Wednesday, March 28, 2012

The Other Side of the Gender Imbalance Argument

I was contacted by someone who has developed a graphic representation of the imbalance within the mathematical, scientific, engineering and technology fields. I could simply reply with my own thoughts, but wanted to open this up to anyone willing to contribute their own thoughts. As I have been posting recently on the imbalance within the early childhood field, one of the few in which men are actually the vast minority, I thought it was appropriate that I provide a viewpoint from the other end of the spectrum.

If you would like to take a look at this visual and leave your comments on it I will alert the member of the creating team who contacted me so they can collect your feedback and respond to any questions you might pose.

Please find the link to the piece here.

2 comments:

  1. Wow, that's really interesting, Greg. I've always wondered how much influence co-ed schools have on statistics like that. I worked in a girls-only, extremely selective school for 15 years, and those girls believed they could do anything- they really did.

    An amusing side-story from that school: when the first round of equal-opportunity legislation came in, the school was required to show how they would increase work opportunities for women within this workplace. From memory, there was a percentage improvement requirement. We were in danger of being deregistered, because so many women were already employed that it was simply impossible to meet the improvement ratio! No glass ceiling in that extremely academic workplace.

    Sadly, that is the exception rather than the rule. I did find when I worked in co-ed schools that the girls were not only more easily distracted, but that they purposely played down their abilities for social reasons. I found it incredibly irritating and discouraging.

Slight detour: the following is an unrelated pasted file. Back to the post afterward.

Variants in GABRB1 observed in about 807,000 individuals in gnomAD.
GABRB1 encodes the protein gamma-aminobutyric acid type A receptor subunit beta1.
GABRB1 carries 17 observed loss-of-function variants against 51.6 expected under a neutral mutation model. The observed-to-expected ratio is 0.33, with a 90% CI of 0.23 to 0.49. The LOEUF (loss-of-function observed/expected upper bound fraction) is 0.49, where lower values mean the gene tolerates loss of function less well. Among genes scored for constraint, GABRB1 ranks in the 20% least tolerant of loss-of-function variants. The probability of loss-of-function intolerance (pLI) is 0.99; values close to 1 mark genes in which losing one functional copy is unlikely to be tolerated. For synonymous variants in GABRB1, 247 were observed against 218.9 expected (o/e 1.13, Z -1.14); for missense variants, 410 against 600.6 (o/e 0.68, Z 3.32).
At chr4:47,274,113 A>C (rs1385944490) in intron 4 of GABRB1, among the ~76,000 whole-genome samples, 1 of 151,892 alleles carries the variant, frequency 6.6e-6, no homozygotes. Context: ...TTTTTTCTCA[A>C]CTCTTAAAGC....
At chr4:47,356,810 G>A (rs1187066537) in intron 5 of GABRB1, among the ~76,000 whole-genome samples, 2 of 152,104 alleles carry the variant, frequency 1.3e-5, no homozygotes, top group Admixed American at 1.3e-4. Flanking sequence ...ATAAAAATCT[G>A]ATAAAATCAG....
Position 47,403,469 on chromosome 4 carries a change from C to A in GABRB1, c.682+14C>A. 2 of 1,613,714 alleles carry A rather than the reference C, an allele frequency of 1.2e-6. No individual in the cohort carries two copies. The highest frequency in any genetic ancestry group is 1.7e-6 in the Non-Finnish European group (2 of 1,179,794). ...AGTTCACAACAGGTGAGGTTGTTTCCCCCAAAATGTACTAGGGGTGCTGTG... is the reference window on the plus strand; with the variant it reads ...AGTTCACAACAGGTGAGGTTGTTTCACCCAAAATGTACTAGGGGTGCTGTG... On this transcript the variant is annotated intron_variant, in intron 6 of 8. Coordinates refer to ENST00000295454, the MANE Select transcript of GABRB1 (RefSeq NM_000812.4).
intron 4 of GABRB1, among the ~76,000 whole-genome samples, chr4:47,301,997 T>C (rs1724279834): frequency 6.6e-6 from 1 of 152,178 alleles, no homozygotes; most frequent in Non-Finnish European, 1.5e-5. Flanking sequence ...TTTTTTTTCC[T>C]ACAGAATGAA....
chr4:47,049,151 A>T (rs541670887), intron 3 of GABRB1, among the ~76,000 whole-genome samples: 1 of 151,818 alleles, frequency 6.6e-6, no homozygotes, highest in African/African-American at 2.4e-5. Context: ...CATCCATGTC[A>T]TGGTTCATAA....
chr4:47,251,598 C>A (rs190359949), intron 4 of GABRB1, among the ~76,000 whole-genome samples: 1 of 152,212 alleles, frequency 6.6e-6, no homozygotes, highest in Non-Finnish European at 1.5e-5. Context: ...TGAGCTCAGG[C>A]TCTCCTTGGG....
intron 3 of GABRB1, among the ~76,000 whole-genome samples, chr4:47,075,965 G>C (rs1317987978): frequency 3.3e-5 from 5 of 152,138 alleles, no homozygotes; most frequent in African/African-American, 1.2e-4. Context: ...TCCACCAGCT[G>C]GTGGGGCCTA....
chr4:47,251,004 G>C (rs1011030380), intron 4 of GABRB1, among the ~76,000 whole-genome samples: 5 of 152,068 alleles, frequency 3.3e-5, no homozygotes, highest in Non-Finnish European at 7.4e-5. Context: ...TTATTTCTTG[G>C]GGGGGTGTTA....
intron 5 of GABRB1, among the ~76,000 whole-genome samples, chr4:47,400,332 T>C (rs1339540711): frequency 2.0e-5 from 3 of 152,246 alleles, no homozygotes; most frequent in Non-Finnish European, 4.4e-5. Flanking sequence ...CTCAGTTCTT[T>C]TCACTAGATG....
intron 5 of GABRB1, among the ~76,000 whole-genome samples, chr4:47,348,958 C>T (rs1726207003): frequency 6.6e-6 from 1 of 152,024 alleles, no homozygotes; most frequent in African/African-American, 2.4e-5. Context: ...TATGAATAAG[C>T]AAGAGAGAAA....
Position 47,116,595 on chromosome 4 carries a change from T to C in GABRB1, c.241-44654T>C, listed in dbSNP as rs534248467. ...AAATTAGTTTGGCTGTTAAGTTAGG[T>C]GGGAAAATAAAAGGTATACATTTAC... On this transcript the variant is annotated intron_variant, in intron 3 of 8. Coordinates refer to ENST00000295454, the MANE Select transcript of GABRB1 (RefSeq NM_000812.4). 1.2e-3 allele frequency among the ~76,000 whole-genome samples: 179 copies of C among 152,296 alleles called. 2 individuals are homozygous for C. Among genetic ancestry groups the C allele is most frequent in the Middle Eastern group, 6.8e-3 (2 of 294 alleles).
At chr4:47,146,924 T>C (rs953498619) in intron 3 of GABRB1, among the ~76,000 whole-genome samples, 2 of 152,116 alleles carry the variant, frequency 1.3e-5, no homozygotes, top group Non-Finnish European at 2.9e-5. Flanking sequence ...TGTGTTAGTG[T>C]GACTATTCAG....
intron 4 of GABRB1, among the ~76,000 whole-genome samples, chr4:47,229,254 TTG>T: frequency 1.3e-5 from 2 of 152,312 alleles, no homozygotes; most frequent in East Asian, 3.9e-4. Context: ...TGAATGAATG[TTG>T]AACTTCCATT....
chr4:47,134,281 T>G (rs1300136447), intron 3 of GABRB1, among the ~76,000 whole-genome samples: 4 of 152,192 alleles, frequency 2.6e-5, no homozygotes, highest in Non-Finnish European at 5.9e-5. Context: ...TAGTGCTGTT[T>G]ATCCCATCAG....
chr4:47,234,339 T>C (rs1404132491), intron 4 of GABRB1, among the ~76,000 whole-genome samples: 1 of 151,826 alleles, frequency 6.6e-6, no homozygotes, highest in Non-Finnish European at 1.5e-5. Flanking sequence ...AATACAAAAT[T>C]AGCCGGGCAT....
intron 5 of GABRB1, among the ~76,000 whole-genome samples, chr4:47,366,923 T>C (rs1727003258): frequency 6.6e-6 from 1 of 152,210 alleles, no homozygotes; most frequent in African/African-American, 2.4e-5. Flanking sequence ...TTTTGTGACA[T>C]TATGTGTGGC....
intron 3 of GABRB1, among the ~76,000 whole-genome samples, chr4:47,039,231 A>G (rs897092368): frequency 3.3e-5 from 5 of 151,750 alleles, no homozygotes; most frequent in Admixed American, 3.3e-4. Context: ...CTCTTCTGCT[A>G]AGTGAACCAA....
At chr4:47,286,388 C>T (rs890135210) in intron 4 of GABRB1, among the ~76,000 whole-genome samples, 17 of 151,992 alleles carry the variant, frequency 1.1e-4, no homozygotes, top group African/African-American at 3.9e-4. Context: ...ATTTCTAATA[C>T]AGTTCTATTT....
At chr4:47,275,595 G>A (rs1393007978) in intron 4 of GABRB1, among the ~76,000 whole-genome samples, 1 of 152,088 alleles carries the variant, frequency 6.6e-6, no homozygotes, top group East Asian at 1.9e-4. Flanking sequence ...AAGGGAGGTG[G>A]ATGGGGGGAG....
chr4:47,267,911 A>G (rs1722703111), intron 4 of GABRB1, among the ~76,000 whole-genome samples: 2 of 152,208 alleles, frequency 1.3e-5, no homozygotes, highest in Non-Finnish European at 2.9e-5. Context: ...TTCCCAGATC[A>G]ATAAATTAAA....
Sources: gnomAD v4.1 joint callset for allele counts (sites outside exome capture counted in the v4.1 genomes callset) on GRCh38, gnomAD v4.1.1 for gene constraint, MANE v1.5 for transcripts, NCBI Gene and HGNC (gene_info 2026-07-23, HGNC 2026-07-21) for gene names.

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  2. I find these types of presentation negative as they are trying to balance genders by putting one gender down instead of telling women all the opportunities this sector has to offer and let them make up their own mind. If I tried a similar campaign to get more men into childcare here in Ireland by saying how much better guys are at certain aspects of childcare than women I be on killed by my sector, wife and most of society. I respect my co workers to much to even entertain the idea. If I was a women I'd be none the wiser why I should look at science and maths as a career path after reading the presentation. Here's a lovely article from the mens network in the UK that I loved because it looks at gender balance in an equal way, enjoy, Mick http://brightonmanplan.wordpress.com/2011/12/12/have-women-swung-the-pendulum-too-far/

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